7. Cosmology-Evolution is the only game in town for atheism.
Human Experience and Evaluating Worldviews
As we covered earlier in the article. The way to resolve the conflict of worldviews is to take the presuppositions of each worldview and follow them to their logical implications and conclusions. We now will have a look at some of the tenets of the atheist worldview and compare them to human experience.
In an atheist worldview, there is no basis for any moral values that are prescriptive on a moral basis. That is to say, in an atheist worldview, there is no standard to give a moral evaluation of ‘right’ or ‘wrong.’ Atheists will often claim that moral values can be evaluated, but they tend to do so on a more pragmatic basis. However, we know that pragmatism and morality are not identical. This is because it is sometimes pragmatic to do something that is considered to be immoral.
Despite the implications of atheism on morality, such as a lack of standard for determining what is right or wrong, the atheist will live their lives as if there are things that are morally right and wrong. Since the atheist can not live consistently with their presupposition in regards to morality, it follows that the presupposition in question is a delusion.
Teleology and Anthropology
If atheism is true, it would be impossible to have any ultimate meaning in our lives or an ultimate meaning for the universe. If an atheist claims that there is no ultimate meaning, then any debate or statement is ultimately meaningless.
Even though atheists profess that there is no ultimate meaning in the universe, they will still live out their lives as if their lives have meaning. They might object and say that we can construct our own meaning in life. However, when everything is ultimately meaningless, any assigned subjective meaning would also be meaningless. To say that there can be individual meaning when there is no ultimate meaning is nothing more than an exercise in delusion.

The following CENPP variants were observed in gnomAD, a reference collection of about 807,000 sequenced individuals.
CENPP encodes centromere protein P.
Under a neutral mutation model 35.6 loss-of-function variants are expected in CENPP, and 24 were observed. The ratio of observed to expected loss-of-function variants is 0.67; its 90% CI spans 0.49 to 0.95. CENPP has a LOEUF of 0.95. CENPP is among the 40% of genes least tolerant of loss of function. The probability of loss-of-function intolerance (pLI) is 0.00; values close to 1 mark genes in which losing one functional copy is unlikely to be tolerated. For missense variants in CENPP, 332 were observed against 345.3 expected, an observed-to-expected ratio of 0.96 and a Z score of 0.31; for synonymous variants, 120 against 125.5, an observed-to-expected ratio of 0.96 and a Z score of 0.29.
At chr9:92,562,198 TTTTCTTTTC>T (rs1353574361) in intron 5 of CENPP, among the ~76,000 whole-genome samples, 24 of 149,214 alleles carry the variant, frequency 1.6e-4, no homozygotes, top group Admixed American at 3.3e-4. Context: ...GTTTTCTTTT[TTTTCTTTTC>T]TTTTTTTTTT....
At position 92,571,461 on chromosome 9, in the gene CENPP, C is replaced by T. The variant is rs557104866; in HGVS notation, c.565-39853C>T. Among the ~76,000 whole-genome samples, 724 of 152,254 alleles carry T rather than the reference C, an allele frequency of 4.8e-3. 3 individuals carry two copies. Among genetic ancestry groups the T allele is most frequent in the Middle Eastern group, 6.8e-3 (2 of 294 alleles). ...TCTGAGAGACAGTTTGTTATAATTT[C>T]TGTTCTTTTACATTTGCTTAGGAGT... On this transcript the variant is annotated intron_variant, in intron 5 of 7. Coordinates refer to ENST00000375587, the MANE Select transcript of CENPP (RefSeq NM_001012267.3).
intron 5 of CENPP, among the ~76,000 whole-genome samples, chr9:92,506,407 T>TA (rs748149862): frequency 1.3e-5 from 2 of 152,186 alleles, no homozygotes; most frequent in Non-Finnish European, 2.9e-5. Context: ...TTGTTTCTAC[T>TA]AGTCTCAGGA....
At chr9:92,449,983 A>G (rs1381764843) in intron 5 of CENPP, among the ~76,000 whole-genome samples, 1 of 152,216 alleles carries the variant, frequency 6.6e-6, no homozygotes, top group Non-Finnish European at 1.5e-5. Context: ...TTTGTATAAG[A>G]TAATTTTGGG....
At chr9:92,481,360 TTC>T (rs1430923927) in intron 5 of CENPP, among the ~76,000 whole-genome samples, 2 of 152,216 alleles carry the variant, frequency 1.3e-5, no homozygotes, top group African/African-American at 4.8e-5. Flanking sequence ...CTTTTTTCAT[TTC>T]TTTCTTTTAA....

The Absurdity of Life without God
Loren Eisley writes, “Man is the cosmic orphan. He’s the only creature in the universe who asks, ‘Why?’
Other animals have instincts to guide them, but man has learned to ask questions: ‘Who am I?’ ‘Why am I here?’ ‘Where am I going?” Ever since the period of Enlightenment there has been a part of humanity that has been trying to shake off ‘the shackles of religion.’ They began trying to answer the questions in life without God. However, the answers that came back were not at all exhilarating, rather, they were dark and terrible: You are nothing more than the unintentional bi-product of matter, plus energy, plus time, plus chance. There is no ultimate reason for your existence, all you face is death.
A French existentialist, Jean-Paul Sartre, once said, “Several hours or several years make no difference, once you have lost eternity.”The universe also faces a death of its own. The universe is expanding, galaxies and other heavenly bodies are growing farther apart. As the energy dissipates the universe will grow colder, stars will become dark, all matter and will collapse into black holes and there will be no light. There will be no heat, no life, but only the corpses of dead stars and galaxies, ever expanding into the darkness. The entire universe is moving irretrievably to its grave. There is no escape, no hope.